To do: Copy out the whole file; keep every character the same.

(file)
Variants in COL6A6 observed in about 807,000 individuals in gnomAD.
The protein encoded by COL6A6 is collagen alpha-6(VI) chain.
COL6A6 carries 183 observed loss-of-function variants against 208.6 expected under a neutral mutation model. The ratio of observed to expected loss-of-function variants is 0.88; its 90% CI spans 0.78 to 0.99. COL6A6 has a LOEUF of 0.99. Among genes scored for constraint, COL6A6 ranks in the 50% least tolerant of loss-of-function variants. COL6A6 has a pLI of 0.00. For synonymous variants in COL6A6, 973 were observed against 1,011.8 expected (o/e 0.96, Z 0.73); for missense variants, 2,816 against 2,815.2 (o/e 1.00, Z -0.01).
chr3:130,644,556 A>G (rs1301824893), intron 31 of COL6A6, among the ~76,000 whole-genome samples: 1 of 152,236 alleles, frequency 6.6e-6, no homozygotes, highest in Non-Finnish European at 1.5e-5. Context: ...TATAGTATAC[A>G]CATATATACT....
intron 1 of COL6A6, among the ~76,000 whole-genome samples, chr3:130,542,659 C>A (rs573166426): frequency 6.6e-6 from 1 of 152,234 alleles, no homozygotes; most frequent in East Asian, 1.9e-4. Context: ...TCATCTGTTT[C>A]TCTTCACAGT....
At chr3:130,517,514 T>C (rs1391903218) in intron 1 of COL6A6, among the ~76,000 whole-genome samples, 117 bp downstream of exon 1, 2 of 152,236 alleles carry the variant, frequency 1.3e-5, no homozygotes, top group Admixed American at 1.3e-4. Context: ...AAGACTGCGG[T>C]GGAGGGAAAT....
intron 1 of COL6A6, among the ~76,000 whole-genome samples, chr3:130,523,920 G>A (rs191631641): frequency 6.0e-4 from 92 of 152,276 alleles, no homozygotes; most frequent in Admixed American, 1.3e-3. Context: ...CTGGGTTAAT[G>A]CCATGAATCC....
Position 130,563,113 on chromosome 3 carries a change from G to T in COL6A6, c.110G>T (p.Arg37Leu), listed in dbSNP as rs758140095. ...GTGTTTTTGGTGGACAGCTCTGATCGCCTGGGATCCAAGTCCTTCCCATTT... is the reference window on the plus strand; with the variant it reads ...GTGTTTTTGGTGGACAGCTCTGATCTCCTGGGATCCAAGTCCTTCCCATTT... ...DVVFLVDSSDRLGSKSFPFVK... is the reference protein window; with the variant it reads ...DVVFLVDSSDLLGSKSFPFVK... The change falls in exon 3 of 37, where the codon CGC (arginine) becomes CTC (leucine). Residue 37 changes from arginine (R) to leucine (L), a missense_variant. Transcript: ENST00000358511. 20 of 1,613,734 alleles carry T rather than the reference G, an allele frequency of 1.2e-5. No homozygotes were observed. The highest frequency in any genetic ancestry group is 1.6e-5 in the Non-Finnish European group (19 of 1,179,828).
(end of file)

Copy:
Variants in COL6A6 observed in about 807,000 individuals in gnomAD.
The protein encoded by COL6A6 is collagen alpha-6(VI) chain.
COL6A6 carries 183 observed loss-of-function variants against 208.6 expected under a neutral mutation model. The ratio of observed to expected loss-of-function variants is 0.88; its 90% CI spans 0.78 to 0.99. COL6A6 has a LOEUF of 0.99. Among genes scored for constraint, COL6A6 ranks in the 50% least tolerant of loss-of-function variants. COL6A6 has a pLI of 0.00. For synonymous variants in COL6A6, 973 were observed against 1,011.8 expected (o/e 0.96, Z 0.73); for missense variants, 2,816 against 2,815.2 (o/e 1.00, Z -0.01).
chr3:130,644,556 A>G (rs1301824893), intron 31 of COL6A6, among the ~76,000 whole-genome samples: 1 of 152,236 alleles, frequency 6.6e-6, no homozygotes, highest in Non-Finnish European at 1.5e-5. Context: ...TATAGTATAC[A>G]CATATATACT....
intron 1 of COL6A6, among the ~76,000 whole-genome samples, chr3:130,542,659 C>A (rs573166426): frequency 6.6e-6 from 1 of 152,234 alleles, no homozygotes; most frequent in East Asian, 1.9e-4. Context: ...TCATCTGTTT[C>A]TCTTCACAGT....
At chr3:130,517,514 T>C (rs1391903218) in intron 1 of COL6A6, among the ~76,000 whole-genome samples, 117 bp downstream of exon 1, 2 of 152,236 alleles carry the variant, frequency 1.3e-5, no homozygotes, top group Admixed American at 1.3e-4. Context: ...AAGACTGCGG[T>C]GGAGGGAAAT....
intron 1 of COL6A6, among the ~76,000 whole-genome samples, chr3:130,523,920 G>A (rs191631641): frequency 6.0e-4 from 92 of 152,276 alleles, no homozygotes; most frequent in Admixed American, 1.3e-3. Context: ...CTGGGTTAAT[G>A]CCATGAATCC....
Position 130,563,113 on chromosome 3 carries a change from G to T in COL6A6, c.110G>T (p.Arg37Leu), listed in dbSNP as rs758140095. ...GTGTTTTTGGTGGACAGCTCTGATCGCCTGGGATCCAAGTCCTTCCCATTT... is the reference window on the plus strand; with the variant it reads ...GTGTTTTTGGTGGACAGCTCTGATCTCCTGGGATCCAAGTCCTTCCCATTT... ...DVVFLVDSSDRLGSKSFPFVK... is the reference protein window; with the variant it reads ...DVVFLVDSSDLLGSKSFPFVK... The change falls in exon 3 of 37, where the codon CGC (arginine) becomes CTC (leucine). Residue 37 changes from arginine (R) to leucine (L), a missense_variant. Transcript: ENST00000358511. 20 of 1,613,734 alleles carry T rather than the reference G, an allele frequency of 1.2e-5. No homozygotes were observed. The highest frequency in any genetic ancestry group is 1.6e-5 in the Non-Finnish European group (19 of 1,179,828).